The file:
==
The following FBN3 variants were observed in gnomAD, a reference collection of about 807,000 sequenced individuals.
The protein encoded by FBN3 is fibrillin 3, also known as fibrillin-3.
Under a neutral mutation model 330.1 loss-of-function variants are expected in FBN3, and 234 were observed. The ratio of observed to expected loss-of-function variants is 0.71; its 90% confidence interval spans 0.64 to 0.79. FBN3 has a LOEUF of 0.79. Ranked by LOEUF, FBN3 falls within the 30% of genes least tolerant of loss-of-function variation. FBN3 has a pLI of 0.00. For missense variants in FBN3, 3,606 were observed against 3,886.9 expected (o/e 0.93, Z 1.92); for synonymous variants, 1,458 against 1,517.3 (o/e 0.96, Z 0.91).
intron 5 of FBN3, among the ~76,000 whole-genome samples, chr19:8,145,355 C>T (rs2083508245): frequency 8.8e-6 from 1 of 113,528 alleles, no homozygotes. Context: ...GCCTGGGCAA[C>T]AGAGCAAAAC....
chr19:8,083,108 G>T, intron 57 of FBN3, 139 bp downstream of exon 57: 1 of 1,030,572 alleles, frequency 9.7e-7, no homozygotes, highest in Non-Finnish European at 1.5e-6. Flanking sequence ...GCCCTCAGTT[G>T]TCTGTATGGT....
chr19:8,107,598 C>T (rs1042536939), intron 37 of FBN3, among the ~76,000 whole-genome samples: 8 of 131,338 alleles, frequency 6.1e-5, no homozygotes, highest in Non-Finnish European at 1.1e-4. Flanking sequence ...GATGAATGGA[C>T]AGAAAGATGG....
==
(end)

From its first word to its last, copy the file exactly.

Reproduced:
The following FBN3 variants were observed in gnomAD, a reference collection of about 807,000 sequenced individuals.
The protein encoded by FBN3 is fibrillin 3, also known as fibrillin-3.
Under a neutral mutation model 330.1 loss-of-function variants are expected in FBN3, and 234 were observed. The ratio of observed to expected loss-of-function variants is 0.71; its 90% confidence interval spans 0.64 to 0.79. FBN3 has a LOEUF of 0.79. Ranked by LOEUF, FBN3 falls within the 30% of genes least tolerant of loss-of-function variation. FBN3 has a pLI of 0.00. For missense variants in FBN3, 3,606 were observed against 3,886.9 expected (o/e 0.93, Z 1.92); for synonymous variants, 1,458 against 1,517.3 (o/e 0.96, Z 0.91).
intron 5 of FBN3, among the ~76,000 whole-genome samples, chr19:8,145,355 C>T (rs2083508245): frequency 8.8e-6 from 1 of 113,528 alleles, no homozygotes. Context: ...GCCTGGGCAA[C>T]AGAGCAAAAC....
chr19:8,083,108 G>T, intron 57 of FBN3, 139 bp downstream of exon 57: 1 of 1,030,572 alleles, frequency 9.7e-7, no homozygotes, highest in Non-Finnish European at 1.5e-6. Flanking sequence ...GCCCTCAGTT[G>T]TCTGTATGGT....
chr19:8,107,598 C>T (rs1042536939), intron 37 of FBN3, among the ~76,000 whole-genome samples: 8 of 131,338 alleles, frequency 6.1e-5, no homozygotes, highest in Non-Finnish European at 1.1e-4. Flanking sequence ...GATGAATGGA[C>T]AGAAAGATGG....